Cricket: After New Zealand snubbed, Pakistan fears becoming a penalty zone again | Cricket News


After spending nearly 10 years trying to re-attract international cricket elites, Pakistan is facing the prospect of being declared a cricket penalty zone again, and its anger is beyond words.

New Zealand suddenly appeared on Friday, and the feeling of deja vu swept the country Pull the plug In their first trip to Pakistan in 18 years, the security alert was cited.

Since the England board has not yet decided that England will visit the South Asian country for the first time in 16 years next month, Pakistan’s harvest season looks messy.

This was a huge setback for the cricket-crazy country, which promoted the development of heaven and earth, positioned itself as a safe destination, and won the tour commitments of several leading teams.

“It’s very painful,” Wasim Khan, chief executive of the Pakistan Cricket Commission (PCB), said at a virtual press conference later on Sunday.

“We have done a lot of work to re-establish our credibility in the world of cricket. The carpet was pulled out of our feet so quickly.”

“Beat Us Hard”: PCB Director

Khan said that the sudden withdrawal of the New Zealand team “has a big blow to us” and pleaded with the England and Wales Cricket Board (ECB) not to cancel the tour scheduled to go to Pakistan in October.

The England men’s and women’s teams plan to travel to Pakistan from October 13th to 21st.

“Of course we hope that England will be able to tour, which will be announced later today. We certainly believe that they should come, we hope they will come,” Khan said.

PCB head Wasim Khan (right) left after meeting with officials of the Ministry of Interior in Islamabad [Aamir Qureshi/AFP]

Khan criticized the New Zealand cricket team’s decision to abandon the tour. He said: “There is no reason, no dialogue, no discussion. It is easy to get out of a country like Pakistan. This must stop because the inequality in the cricket world must stop. .”

The New Zealand team arrived in Dubai. Some of the players are expected to stay in the ICC 2020 World Cup, while the rest return home.

The Australian Cricket Association stated that it is monitoring the situation and will “talk to the relevant authorities after learning more information” before the tournament is scheduled early next year.

Cricket West Indies did not respond to an email from Reuters asking if they would reconsider their visit to Pakistan later this year, but the atmosphere is not optimistic.

“New Zealand’s sudden departure left us with many scars, and we certainly hope that this will not have a long-term impact on our progress,” Khan added.

With the Taliban coming to power in neighboring Afghanistan, Pakistan will have to work harder to try to persuade other teams to tour the country.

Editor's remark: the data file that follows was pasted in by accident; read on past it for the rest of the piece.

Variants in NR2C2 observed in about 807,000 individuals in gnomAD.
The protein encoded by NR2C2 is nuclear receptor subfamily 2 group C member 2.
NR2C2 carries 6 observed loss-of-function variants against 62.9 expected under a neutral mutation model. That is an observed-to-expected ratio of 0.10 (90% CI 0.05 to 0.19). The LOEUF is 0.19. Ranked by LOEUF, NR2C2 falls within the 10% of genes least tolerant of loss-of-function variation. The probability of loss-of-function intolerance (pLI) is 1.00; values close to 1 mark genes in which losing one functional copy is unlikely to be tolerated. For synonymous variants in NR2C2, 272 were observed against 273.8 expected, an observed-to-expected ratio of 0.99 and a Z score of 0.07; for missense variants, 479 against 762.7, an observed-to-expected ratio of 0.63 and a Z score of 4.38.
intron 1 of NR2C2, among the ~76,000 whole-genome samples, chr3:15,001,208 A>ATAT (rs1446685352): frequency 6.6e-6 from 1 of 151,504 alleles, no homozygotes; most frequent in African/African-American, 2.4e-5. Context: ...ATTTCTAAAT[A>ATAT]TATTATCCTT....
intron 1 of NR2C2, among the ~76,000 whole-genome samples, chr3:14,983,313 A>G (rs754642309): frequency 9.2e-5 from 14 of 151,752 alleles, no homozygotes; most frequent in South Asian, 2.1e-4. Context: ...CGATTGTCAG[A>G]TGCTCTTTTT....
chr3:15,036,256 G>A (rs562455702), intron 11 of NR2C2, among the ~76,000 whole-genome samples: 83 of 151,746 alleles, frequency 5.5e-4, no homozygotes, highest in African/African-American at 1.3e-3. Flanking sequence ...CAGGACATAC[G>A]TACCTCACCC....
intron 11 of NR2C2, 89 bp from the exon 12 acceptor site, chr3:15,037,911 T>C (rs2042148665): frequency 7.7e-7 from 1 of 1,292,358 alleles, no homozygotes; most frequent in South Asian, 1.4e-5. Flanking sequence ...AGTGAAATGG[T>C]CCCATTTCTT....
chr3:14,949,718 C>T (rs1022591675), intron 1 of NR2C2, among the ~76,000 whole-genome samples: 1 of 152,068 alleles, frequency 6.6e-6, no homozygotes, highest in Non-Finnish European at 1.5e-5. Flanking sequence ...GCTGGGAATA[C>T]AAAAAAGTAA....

After the fatal attack on the Sri Lankan team bus in Lahore in 2009, Pakistan’s “home” game in the United Arab Emirates (UAE) was played without fan support and hardly earned PCB a little in terms of revenue. income.

Khan said that Pakistan has no plans to move the “home” games overseas again.

The test cricket returned to the country during a visit to Sri Lanka in 2019, but PCB officials knew that the country would be considered safe only when touring countries such as England and Australia.

‘Very dangerous precedent’

Recently, teams visiting Pakistan have gained the kind of security normally reserved for visiting heads of state, and their cricket team wants to know what else they can do.

“New Zealand just killed Pakistan cricket,” former test bowler Shoaib Akhtar wrote on Twitter, while angry fans asked Pakistan to boycott the T20 World Cup match against New Zealand next month.

PCB has ruled out this possibility, but is angry at New Zealand’s refusal to share the exact nature of the threat of sabotage.

“If countries can unilaterally give up travel, it will set a very dangerous precedent. Then it will indeed affect relationships. As a sport, where does it let us go?” Khan asked.

The PCB official stated that he will present a broader view in the International Cricket Council (ICC), seeking to end “inequality” within the governing body.

“Inequality exists, I don’t care what people say,” the former British-born chief executive of Leicestershire asserted.

Players have begun to worry about the prospect of having to resume “home” games abroad, but Khan said that the PCB will not surrender without a fight.

“For now, we have no plans to go abroad to play cricket,” Khan said.

“It took us a long time to come back. We firmly believe that we will stay safe, but of course, we must also have emergency and backup.”

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